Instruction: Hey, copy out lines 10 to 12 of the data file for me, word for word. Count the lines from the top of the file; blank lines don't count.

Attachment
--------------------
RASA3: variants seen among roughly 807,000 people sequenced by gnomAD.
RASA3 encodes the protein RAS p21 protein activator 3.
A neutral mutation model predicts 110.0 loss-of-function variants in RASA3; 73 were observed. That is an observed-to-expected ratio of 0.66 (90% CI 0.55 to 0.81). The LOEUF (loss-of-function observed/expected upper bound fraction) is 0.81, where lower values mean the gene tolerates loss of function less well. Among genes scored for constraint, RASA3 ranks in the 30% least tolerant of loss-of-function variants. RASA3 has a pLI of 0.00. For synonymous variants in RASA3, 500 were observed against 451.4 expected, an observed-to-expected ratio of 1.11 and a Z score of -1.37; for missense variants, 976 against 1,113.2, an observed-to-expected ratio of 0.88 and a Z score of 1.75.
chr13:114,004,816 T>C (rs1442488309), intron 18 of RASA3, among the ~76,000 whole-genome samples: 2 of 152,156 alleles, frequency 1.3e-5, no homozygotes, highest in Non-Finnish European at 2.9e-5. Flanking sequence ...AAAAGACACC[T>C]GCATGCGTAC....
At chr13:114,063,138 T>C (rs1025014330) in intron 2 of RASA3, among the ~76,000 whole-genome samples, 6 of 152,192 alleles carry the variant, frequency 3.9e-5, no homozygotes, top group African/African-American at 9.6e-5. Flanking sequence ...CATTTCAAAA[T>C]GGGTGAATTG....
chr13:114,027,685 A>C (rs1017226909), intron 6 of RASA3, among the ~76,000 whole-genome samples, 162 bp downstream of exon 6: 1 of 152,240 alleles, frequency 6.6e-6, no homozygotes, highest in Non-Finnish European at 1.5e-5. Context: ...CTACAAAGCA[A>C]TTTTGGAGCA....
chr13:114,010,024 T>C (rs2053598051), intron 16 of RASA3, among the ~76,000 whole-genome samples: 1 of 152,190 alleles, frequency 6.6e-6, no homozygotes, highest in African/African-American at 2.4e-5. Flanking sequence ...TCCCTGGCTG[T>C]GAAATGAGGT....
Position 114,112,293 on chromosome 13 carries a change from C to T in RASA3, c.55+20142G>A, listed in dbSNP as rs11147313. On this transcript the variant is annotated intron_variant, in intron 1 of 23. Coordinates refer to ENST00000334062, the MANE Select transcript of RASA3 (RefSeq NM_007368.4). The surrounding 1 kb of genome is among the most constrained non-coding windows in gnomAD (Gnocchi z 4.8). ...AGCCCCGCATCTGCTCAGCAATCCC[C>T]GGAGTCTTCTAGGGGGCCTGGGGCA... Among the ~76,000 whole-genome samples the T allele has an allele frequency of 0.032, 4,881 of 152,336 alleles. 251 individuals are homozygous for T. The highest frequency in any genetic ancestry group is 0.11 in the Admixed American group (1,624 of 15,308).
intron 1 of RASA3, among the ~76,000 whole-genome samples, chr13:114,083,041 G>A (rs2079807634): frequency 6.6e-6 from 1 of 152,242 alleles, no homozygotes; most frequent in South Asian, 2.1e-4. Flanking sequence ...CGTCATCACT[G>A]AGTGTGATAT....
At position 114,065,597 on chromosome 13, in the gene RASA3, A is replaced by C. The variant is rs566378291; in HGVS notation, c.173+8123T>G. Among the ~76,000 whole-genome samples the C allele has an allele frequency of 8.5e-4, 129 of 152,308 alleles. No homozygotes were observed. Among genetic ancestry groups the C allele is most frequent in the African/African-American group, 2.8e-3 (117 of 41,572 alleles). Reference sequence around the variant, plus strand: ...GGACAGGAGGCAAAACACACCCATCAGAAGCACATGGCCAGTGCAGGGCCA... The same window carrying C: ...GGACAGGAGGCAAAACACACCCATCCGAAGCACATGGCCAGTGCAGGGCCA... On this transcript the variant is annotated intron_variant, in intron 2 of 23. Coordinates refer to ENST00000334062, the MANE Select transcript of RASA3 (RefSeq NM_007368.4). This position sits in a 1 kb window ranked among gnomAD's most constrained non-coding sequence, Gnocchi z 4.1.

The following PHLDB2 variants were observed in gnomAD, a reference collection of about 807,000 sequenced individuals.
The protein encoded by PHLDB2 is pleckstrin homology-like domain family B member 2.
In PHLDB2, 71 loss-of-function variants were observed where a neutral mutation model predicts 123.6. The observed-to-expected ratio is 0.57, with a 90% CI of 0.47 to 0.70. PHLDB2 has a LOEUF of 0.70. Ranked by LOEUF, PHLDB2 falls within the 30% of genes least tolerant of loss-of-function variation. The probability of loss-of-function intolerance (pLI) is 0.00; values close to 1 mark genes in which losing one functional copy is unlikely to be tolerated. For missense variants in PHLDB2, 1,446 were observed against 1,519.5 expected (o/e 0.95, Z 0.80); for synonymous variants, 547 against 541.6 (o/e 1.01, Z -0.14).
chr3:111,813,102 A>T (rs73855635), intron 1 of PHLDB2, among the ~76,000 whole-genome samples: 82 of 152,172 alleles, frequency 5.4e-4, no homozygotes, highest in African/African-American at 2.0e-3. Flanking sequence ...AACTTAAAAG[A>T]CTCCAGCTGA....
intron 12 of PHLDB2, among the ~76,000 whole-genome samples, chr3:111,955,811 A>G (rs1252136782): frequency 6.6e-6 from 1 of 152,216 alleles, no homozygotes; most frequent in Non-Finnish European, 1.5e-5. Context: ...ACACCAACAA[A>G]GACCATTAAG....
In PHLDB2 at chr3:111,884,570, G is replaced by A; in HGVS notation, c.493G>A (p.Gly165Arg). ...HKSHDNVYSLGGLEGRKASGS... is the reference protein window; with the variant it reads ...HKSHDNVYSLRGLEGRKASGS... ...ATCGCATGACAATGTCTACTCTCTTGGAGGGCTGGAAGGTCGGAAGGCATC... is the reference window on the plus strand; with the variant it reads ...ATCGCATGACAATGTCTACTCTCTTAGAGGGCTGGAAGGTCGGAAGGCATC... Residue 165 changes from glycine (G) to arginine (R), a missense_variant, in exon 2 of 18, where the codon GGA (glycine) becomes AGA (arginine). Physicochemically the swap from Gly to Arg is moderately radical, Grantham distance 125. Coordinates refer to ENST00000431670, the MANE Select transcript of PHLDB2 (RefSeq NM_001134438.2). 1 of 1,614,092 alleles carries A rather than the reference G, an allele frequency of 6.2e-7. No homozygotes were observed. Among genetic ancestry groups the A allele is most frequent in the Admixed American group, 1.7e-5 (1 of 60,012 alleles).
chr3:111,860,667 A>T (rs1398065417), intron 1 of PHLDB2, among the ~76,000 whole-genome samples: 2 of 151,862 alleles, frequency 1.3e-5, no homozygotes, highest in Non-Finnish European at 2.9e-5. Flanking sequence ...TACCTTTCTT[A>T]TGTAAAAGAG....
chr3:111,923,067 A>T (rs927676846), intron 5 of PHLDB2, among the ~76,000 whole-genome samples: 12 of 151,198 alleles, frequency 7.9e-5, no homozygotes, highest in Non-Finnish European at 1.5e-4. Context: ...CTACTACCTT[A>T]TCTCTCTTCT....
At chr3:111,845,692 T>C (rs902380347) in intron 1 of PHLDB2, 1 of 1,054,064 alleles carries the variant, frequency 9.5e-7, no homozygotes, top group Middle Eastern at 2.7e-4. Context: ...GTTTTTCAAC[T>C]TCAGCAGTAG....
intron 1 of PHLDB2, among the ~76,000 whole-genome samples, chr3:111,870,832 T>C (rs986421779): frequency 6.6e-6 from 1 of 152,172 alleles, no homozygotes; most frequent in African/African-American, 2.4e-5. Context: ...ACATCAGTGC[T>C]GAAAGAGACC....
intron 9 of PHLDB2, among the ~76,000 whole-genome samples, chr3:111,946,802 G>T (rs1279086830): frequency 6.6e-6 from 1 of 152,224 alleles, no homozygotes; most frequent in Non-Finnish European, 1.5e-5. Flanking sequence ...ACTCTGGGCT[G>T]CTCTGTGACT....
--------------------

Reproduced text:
At position 114,065,597 on chromosome 13, in the gene RASA3, A is replaced by C. The variant is rs566378291; in HGVS notation, c.173+8123T>G. Among the ~76,000 whole-genome samples the C allele has an allele frequency of 8.5e-4, 129 of 152,308 alleles. No homozygotes were observed. Among genetic ancestry groups the C allele is most frequent in the African/African-American group, 2.8e-3 (117 of 41,572 alleles). Reference sequence around the variant, plus strand: ...GGACAGGAGGCAAAACACACCCATCAGAAGCACATGGCCAGTGCAGGGCCA... The same window carrying C: ...GGACAGGAGGCAAAACACACCCATCCGAAGCACATGGCCAGTGCAGGGCCA... On this transcript the variant is annotated intron_variant, in intron 2 of 23. Coordinates refer to ENST00000334062, the MANE Select transcript of RASA3 (RefSeq NM_007368.4). This position sits in a 1 kb window ranked among gnomAD's most constrained non-coding sequence, Gnocchi z 4.1.

The following PHLDB2 variants were observed in gnomAD, a reference collection of about 807,000 sequenced individuals.
The protein encoded by PHLDB2 is pleckstrin homology-like domain family B member 2.